Gary and I spent the long 3 day Memorial Day weekend leisurely traversing the Carrizo Gorge Wilderness with no more of an agenda other than getting back to our trucks sometime by the end of the day Monday. Mr Tom was kind enough to drop us off at Jacumba on Sat morning and was going to hike with us for the day but the weather was kinda cold and blustery and I guess his jacuzzi and booze back home sounded better so it was just Gary and I.
Carrizo Gorge is one of those easy to get to wilderness areas that just never gets old and it has a long history with the railroad and the now famous Goat Canyon Trestle. The trestle seems to be growing exponentially in popularity and I suspect that will continue until the railway patrols pickup again. This particular trip we saw as many as 10 motorcycle adventurers in addition to all of the usual hikers and MTB'ers.
There is something about the Gorge that seems to beckon film photography and I always enjoy taking at least one older analog camera with me. The B/W photos here are from my Fuji GW690 6x9 medium format camera and the film is Fuji Acros 100 developed 1+2+100 in PMK Pyro @13 minutes. A few of the photos I took were an attempt to mirror photos found in the The Impossible Railroad book.
Carrizo Gorge with Sombrero Peak way off in the distance to the right
Following the tracks, some of the trestles are in good shape, others not so much
One particular set of railway cars that has been out on the tracks for several years now has been heavily vandalized.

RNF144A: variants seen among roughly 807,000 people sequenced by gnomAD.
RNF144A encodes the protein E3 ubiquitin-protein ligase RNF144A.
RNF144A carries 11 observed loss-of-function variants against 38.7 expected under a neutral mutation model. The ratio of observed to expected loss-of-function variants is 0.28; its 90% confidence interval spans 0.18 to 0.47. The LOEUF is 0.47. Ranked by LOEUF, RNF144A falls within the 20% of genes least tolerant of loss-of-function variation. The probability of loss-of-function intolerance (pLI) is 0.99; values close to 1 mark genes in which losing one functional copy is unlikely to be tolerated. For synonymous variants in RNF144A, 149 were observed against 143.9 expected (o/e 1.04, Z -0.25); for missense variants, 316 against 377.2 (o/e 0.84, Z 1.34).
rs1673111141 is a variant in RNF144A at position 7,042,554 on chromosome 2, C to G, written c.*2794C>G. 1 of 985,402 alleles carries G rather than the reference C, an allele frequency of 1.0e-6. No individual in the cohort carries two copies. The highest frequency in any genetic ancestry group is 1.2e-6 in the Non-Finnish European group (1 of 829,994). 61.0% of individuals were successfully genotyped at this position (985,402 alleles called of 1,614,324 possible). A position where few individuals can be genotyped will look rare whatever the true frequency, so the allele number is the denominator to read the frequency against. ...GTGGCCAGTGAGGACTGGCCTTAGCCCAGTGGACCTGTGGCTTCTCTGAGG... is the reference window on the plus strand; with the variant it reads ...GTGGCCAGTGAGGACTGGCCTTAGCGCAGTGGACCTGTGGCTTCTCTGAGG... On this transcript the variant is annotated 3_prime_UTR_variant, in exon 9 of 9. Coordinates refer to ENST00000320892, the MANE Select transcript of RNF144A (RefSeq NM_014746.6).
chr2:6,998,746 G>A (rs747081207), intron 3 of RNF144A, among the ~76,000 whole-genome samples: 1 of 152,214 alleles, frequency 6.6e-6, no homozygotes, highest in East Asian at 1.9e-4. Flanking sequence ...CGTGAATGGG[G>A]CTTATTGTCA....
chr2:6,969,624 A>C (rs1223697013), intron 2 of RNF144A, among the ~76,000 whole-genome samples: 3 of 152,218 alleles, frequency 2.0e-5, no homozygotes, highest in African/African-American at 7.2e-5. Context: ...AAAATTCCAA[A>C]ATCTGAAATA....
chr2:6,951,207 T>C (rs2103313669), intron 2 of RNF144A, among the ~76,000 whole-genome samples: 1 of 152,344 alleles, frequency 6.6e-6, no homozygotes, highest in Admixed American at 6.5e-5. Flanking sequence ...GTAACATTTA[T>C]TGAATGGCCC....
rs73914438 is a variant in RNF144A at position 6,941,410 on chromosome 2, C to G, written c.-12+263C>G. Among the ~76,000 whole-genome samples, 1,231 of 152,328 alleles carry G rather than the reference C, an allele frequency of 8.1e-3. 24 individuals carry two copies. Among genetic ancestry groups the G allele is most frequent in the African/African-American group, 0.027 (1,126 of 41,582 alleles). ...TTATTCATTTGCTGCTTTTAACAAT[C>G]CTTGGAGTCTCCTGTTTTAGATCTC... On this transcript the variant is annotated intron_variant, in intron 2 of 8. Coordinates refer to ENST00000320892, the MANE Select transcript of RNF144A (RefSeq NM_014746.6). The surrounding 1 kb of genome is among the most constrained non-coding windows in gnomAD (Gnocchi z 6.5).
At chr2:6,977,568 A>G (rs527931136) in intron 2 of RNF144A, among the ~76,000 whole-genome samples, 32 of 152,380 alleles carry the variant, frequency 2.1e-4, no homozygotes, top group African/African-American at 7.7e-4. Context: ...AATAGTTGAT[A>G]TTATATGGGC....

On page 36 of The Impossible Railroad book there is a picture showing the Young & Crooks Camp 1 and all of the workers tents and the compressor plant equipment. This is the roughly the same photograph but the only thing you can still see are foundations of cement and many of the cleared areas that were built up with rocks to form a tiered foundation for the large tents they used
Gary at a few of the railroad camps
This workers camp overlooks the gorge and has approx 5-6 built up tiers for large tents. Most of it is overgrown with cholla now though.
Here is another photo from The Impossible Railroad book
on page 40 showing tunnel 15 where they eventually gave up on that tunnel and built the tracks around it
We found a huge horseshoe, looked more decorative than useful
This is one of the cooler tunnels out there
Gary heading into tunnel 16, this one has a history of fires and collapses which is evidenced by the tweak on the top. The inside supports you see in the other tunnels are missing which I am guessing is from the 1986 fire that burned it out
What would a trip thru the Gorge be without a photo of the Trestle
Eventually we found our way to the East Fork and the Carrizo Palms. There was some water and lots of wildlife tracks
Unfortunately this poor gal was not able to make it to the water source. I was able to go out a few days later with a Fish & Game Biologist to perform a post-mortem and the cause of death was determined to be from disease
I did manage to get some digital shots as well, love the sunrise photos with a super zoom
The Goat Canyon Trestle has several "catwalks" built in to facilitate repairs and maintenance duties and there is also an elaborate fire supression system built into the trestle with many pipes and valves that lead up to the water tanker on the hillside above. This photo is looking straight thru the first catwalk and some of the water pipes are visible. I can't recommend walking these catwalks at all, they are sketchy at best
Gary enjoying some of the water at Carrizo Palms
Reptiles were out and about, we found 2 in the same spot with head injuries, pretty strange, anybody have any ideas? We were thinking hawks or such
This guy was chilling in the shade of the tunnels
Railroad camp debris, re-purposing a shovel for something?
This is more my speed, a real fifth bottle of whisky
Anyways, thanks for reading, hope you enjoyed...time to turn in.....